Lanie wasn’t sure of anything any more. She shook her head. Josh wiped at his runny nose with the back of his hand and scrambled to his feet. “So, you’re like… some kind of genie or sumthin’?”
“Got it in one, young man!”
Lanie looked the… genie?... up and down. Sure, he didn’t have legs so much as a plume of smoke, but the double breasted black suit jacket he wore didn’t look anything like what she’d seen genies wear in movies. “Aren’t you supposed to be, like, bald and blue?”
The djinn sighed, and ran his hand through his luxurious head of black hair. “Don’t believe everything anyone tells you, young miss. We come in all shapes and sizes. Oil lamps, crystal tabletop numbers, lanterns – hell, I had a buddy, back in ’65, I think, who set up shop in a lava lamp. Spent the next decade high as a kite, but happy as a clam. Me, I like the industrial stuff. It’s got a certain… style.”
Josh grabbed at Lanie’s hand like a lifeline. “So, we get to wish for anything? Anything we want?”
“That’s the way it works, bucko. You ask, I give.” He jerked his head back at the pole. “Then I git along home.”
“Shit! Awesome!” Josh dropped Lanie’s hand and rubbed his own together. “Ok, get this. I want… a million dollars! And a new car – something fast, and sporty. In red!”
“Done, and done!” The genie snapped his fingers and a crimson Porsche appeared in the empty parking spot beside them. In the front passenger seat, through the windshield, Lanie could see a leather satchel with wads of cash spilling out of it.
“Fuck yeah!” Josh grinned widely, then opened his mouth again to ask for the third wish. Lanie cut him off.
“What happens after we get our third wish?”
“I told you, little angel. I get gone.” He winked at her.
“And you just… wait for someone else to rub up against the light pole and set you free again?”
“There’s a…” He pursed his lips. “A kind of checks and balance system in play. But yeah, basically.”
She crossed her arms and tapped her thumb against her lips. That sounded… what was the word? Sounded…
Josh clapped his hands. “I got it! My third wish. I wanna be famous, baby! I want everyone to know who I am!”
Lanie finally thought of the word. Loophole. “Wait!”
The djinn grinned, and his smile stretched from ear to ear, too wide to be pleasant. His voice boomed across the parking lot. “DONE.”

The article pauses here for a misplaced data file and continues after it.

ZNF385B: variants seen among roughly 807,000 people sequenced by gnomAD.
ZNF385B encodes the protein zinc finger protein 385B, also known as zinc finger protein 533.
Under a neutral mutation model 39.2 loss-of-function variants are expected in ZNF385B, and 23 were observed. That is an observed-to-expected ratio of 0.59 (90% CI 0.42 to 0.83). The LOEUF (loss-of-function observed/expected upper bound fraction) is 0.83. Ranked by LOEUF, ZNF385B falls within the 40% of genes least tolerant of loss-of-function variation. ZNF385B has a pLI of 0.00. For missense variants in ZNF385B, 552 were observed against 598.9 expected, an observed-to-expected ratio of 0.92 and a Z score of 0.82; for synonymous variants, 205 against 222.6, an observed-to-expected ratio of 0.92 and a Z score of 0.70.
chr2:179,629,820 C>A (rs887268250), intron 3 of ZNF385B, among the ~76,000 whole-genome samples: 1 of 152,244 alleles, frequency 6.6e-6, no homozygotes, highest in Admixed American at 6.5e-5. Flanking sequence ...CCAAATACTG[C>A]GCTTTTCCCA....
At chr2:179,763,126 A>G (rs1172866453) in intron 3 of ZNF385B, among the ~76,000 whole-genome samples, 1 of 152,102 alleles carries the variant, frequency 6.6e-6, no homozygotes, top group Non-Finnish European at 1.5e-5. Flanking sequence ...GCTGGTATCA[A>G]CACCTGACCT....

With a gesture, Lanie fell to the ground, and as Josh watched, unseen weapons slashed at her. Blood pooled in her mouth and splashed across her lover as cuts covered her skin, tearing her clothes, ripping screams from her throat until her neck was severed, and her head fell back against the pavement, open eyes unseeing.
“Noooooooooo!” Josh howled, and the genie vanished, the halogen bursting into light as a crowd poured out of the Midway rest stop. In the sudden illumination, the fresh red blood covering Josh matched the paint of the Porsche beside him.
A woman in the crowd wearing a waitress uniform screamed, “My god, he killed her!” and a large black man moved with a quickness that belied his size, knocking Josh over and away from Lanie’s body, holding him down against the blood-soaked parking lot. “Cherise! Call the troopers! Get ‘em back here NOW!”
The papers spoke of it for months, naming Josh the Midway Slasher, blaming him for a series of mysterious disappearances that had occurred there recently. The money was found to come from a bank a hundred miles away, robbed at gunpoint with six employees bound dead in the vault. The Porsche was stolen from the driveway of a house in Houston, the owner found floating in his swimming pool, naked and full of bullet holes. His wife upstairs remained in a catatonic state for months before overdosing on Valium, prescribed by a friendly doctor to help her get over her rape at the hands of her husband’s killer.
A year later, Josh was sent to the electric chair still proclaiming his innocence, blubbering a story about a genie in a lamp. The surge knocked the power out all the way back to the Midway, and though the lights came back on seconds later, the halodjinn in the middle of the parking lot remained dark.